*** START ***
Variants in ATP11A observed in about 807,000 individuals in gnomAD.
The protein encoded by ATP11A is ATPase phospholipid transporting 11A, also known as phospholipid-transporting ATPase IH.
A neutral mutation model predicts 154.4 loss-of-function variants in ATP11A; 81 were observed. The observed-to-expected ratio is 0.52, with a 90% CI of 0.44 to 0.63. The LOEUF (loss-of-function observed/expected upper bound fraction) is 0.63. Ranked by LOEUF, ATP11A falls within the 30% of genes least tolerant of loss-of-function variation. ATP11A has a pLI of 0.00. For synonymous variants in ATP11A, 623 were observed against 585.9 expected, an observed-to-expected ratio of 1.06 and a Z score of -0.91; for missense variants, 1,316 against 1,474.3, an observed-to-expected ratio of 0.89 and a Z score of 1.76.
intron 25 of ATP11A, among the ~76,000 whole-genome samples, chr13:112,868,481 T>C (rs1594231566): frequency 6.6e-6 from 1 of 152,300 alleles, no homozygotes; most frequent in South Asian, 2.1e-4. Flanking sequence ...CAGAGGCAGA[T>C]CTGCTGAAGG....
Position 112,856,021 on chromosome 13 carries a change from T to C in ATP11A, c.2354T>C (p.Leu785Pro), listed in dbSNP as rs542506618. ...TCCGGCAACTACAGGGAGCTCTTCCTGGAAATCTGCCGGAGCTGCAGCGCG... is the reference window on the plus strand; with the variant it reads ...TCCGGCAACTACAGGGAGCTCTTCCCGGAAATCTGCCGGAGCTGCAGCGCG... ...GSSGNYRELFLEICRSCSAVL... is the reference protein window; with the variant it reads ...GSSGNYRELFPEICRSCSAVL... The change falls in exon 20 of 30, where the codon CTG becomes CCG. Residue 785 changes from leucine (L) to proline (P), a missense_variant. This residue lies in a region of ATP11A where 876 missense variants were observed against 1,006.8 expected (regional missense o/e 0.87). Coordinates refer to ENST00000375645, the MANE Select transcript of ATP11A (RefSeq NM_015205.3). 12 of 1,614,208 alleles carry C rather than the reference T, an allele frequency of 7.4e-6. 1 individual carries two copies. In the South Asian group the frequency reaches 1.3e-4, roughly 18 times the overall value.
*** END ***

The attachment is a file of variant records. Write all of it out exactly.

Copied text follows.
Variants in ATP11A observed in about 807,000 individuals in gnomAD.
The protein encoded by ATP11A is ATPase phospholipid transporting 11A, also known as phospholipid-transporting ATPase IH.
A neutral mutation model predicts 154.4 loss-of-function variants in ATP11A; 81 were observed. The observed-to-expected ratio is 0.52, with a 90% CI of 0.44 to 0.63. The LOEUF (loss-of-function observed/expected upper bound fraction) is 0.63. Ranked by LOEUF, ATP11A falls within the 30% of genes least tolerant of loss-of-function variation. ATP11A has a pLI of 0.00. For synonymous variants in ATP11A, 623 were observed against 585.9 expected, an observed-to-expected ratio of 1.06 and a Z score of -0.91; for missense variants, 1,316 against 1,474.3, an observed-to-expected ratio of 0.89 and a Z score of 1.76.
intron 25 of ATP11A, among the ~76,000 whole-genome samples, chr13:112,868,481 T>C (rs1594231566): frequency 6.6e-6 from 1 of 152,300 alleles, no homozygotes; most frequent in South Asian, 2.1e-4. Flanking sequence ...CAGAGGCAGA[T>C]CTGCTGAAGG....
Position 112,856,021 on chromosome 13 carries a change from T to C in ATP11A, c.2354T>C (p.Leu785Pro), listed in dbSNP as rs542506618. ...TCCGGCAACTACAGGGAGCTCTTCCTGGAAATCTGCCGGAGCTGCAGCGCG... is the reference window on the plus strand; with the variant it reads ...TCCGGCAACTACAGGGAGCTCTTCCCGGAAATCTGCCGGAGCTGCAGCGCG... ...GSSGNYRELFLEICRSCSAVL... is the reference protein window; with the variant it reads ...GSSGNYRELFPEICRSCSAVL... The change falls in exon 20 of 30, where the codon CTG becomes CCG. Residue 785 changes from leucine (L) to proline (P), a missense_variant. This residue lies in a region of ATP11A where 876 missense variants were observed against 1,006.8 expected (regional missense o/e 0.87). Coordinates refer to ENST00000375645, the MANE Select transcript of ATP11A (RefSeq NM_015205.3). 12 of 1,614,208 alleles carry C rather than the reference T, an allele frequency of 7.4e-6. 1 individual carries two copies. In the South Asian group the frequency reaches 1.3e-4, roughly 18 times the overall value.